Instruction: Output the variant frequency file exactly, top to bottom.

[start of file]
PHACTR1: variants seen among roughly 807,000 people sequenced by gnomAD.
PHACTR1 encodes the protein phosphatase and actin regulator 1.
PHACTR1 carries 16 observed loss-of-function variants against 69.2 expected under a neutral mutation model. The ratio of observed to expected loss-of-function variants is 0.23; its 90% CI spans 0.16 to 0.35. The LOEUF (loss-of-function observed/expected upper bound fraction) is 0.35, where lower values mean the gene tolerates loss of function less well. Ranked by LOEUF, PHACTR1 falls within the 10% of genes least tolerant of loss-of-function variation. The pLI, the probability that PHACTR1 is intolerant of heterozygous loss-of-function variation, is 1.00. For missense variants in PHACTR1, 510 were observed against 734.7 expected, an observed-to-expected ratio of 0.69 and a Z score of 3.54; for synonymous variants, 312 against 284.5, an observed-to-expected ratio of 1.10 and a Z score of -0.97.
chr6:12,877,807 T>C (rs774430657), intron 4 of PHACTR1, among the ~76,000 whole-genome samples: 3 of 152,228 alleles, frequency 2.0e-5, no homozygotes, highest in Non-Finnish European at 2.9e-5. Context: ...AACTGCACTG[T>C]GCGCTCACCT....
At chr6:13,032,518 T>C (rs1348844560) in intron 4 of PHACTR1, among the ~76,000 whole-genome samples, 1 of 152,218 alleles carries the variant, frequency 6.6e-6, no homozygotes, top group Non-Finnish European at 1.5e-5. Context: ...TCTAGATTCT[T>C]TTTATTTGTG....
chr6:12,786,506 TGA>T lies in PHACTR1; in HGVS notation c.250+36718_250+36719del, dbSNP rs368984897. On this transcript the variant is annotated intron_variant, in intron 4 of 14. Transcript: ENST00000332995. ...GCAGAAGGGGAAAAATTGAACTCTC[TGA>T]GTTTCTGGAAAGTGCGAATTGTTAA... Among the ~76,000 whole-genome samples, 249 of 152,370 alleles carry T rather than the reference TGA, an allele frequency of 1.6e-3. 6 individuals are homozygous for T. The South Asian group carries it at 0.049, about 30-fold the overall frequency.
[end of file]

PHACTR1: variants seen among roughly 807,000 people sequenced by gnomAD.
PHACTR1 encodes the protein phosphatase and actin regulator 1.
PHACTR1 carries 16 observed loss-of-function variants against 69.2 expected under a neutral mutation model. The ratio of observed to expected loss-of-function variants is 0.23; its 90% CI spans 0.16 to 0.35. The LOEUF (loss-of-function observed/expected upper bound fraction) is 0.35, where lower values mean the gene tolerates loss of function less well. Ranked by LOEUF, PHACTR1 falls within the 10% of genes least tolerant of loss-of-function variation. The pLI, the probability that PHACTR1 is intolerant of heterozygous loss-of-function variation, is 1.00. For missense variants in PHACTR1, 510 were observed against 734.7 expected, an observed-to-expected ratio of 0.69 and a Z score of 3.54; for synonymous variants, 312 against 284.5, an observed-to-expected ratio of 1.10 and a Z score of -0.97.
chr6:12,877,807 T>C (rs774430657), intron 4 of PHACTR1, among the ~76,000 whole-genome samples: 3 of 152,228 alleles, frequency 2.0e-5, no homozygotes, highest in Non-Finnish European at 2.9e-5. Context: ...AACTGCACTG[T>C]GCGCTCACCT....
At chr6:13,032,518 T>C (rs1348844560) in intron 4 of PHACTR1, among the ~76,000 whole-genome samples, 1 of 152,218 alleles carries the variant, frequency 6.6e-6, no homozygotes, top group Non-Finnish European at 1.5e-5. Context: ...TCTAGATTCT[T>C]TTTATTTGTG....
chr6:12,786,506 TGA>T lies in PHACTR1; in HGVS notation c.250+36718_250+36719del, dbSNP rs368984897. On this transcript the variant is annotated intron_variant, in intron 4 of 14. Transcript: ENST00000332995. ...GCAGAAGGGGAAAAATTGAACTCTC[TGA>T]GTTTCTGGAAAGTGCGAATTGTTAA... Among the ~76,000 whole-genome samples, 249 of 152,370 alleles carry T rather than the reference TGA, an allele frequency of 1.6e-3. 6 individuals are homozygous for T. The South Asian group carries it at 0.049, about 30-fold the overall frequency.